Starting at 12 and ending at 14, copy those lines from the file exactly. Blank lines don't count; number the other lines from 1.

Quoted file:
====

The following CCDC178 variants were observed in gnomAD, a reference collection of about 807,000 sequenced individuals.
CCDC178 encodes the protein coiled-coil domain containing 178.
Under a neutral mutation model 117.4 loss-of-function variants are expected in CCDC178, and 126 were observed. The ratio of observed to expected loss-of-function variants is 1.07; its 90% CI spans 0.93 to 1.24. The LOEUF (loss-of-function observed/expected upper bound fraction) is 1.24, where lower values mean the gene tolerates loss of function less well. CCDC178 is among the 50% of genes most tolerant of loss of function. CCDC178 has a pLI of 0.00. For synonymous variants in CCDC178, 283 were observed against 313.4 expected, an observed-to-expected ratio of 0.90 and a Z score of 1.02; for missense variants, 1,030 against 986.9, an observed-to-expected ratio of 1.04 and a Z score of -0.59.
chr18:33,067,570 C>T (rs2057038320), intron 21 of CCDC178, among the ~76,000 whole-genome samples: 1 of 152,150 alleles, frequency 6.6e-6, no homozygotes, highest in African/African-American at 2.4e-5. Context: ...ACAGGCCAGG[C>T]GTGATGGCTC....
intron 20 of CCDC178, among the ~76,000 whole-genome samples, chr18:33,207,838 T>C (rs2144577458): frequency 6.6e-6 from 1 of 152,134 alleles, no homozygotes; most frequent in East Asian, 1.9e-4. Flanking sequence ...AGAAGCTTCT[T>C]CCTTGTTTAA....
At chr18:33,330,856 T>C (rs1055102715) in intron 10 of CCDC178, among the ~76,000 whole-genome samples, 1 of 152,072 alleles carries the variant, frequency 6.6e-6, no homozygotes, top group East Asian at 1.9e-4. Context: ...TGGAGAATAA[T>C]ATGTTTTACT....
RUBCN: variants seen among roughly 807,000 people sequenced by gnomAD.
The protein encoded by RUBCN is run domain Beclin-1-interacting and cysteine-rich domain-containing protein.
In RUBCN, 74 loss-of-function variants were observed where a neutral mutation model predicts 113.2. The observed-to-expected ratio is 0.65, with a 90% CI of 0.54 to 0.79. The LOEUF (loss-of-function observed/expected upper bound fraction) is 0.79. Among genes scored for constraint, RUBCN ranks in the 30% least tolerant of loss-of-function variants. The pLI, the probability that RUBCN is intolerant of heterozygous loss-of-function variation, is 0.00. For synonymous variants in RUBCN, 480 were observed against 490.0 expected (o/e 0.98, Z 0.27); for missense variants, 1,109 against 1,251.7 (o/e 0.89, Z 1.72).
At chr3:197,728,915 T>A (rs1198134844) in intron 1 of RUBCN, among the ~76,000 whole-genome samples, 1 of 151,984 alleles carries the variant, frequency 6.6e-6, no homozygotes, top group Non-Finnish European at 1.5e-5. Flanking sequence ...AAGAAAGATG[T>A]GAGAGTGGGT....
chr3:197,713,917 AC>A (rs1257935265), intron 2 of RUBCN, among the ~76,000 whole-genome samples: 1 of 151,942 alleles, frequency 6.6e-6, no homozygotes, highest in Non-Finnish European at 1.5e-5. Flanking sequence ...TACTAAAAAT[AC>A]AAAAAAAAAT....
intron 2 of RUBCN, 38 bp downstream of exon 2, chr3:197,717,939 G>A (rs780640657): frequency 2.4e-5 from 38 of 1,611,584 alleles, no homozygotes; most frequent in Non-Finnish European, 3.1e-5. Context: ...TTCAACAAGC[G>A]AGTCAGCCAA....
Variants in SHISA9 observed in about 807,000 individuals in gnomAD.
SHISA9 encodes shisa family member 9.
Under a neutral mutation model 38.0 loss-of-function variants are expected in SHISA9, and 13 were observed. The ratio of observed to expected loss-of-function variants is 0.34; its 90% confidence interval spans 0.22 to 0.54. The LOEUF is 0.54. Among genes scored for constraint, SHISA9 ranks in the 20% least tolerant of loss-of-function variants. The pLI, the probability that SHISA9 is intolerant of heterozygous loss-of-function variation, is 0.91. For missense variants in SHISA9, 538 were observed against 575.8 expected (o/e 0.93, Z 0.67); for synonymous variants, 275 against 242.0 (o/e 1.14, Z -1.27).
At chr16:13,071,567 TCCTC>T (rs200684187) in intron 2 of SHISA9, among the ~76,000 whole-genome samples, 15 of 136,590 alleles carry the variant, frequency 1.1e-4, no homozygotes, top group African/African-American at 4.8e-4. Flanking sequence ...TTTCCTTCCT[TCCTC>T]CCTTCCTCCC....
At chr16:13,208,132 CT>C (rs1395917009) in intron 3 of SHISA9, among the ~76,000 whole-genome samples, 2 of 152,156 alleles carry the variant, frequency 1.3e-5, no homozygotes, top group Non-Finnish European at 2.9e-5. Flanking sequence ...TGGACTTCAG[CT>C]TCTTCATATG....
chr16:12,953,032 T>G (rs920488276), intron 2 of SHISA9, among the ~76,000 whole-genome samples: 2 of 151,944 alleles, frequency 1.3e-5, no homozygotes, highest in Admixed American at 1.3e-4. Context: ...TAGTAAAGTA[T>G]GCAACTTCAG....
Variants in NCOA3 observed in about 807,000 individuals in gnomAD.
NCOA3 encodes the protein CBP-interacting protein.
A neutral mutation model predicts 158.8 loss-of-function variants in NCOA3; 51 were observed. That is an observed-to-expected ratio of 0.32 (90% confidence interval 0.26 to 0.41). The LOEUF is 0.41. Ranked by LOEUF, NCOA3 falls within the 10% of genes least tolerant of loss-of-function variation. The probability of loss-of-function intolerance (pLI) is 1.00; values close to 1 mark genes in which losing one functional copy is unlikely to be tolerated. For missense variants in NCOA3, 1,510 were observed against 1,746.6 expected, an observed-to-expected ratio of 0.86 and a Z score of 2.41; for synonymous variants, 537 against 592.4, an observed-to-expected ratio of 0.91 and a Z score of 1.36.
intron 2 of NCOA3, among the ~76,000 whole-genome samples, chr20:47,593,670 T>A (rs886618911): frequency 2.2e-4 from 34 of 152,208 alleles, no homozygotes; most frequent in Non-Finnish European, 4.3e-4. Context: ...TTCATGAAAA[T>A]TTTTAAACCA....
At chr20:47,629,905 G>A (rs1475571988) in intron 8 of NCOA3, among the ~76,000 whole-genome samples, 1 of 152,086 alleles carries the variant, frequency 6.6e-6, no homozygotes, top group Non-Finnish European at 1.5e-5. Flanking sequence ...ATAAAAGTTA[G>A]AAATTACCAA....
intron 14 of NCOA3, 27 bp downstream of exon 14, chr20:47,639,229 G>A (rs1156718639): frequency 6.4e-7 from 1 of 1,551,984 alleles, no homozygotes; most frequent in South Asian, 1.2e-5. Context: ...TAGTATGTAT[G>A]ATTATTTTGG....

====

intron 2 of RUBCN, 38 bp downstream of exon 2, chr3:197,717,939 G>A (rs780640657): frequency 2.4e-5 from 38 of 1,611,584 alleles, no homozygotes; most frequent in Non-Finnish European, 3.1e-5. Context: ...TTCAACAAGC[G>A]AGTCAGCCAA....
Variants in SHISA9 observed in about 807,000 individuals in gnomAD.
SHISA9 encodes shisa family member 9.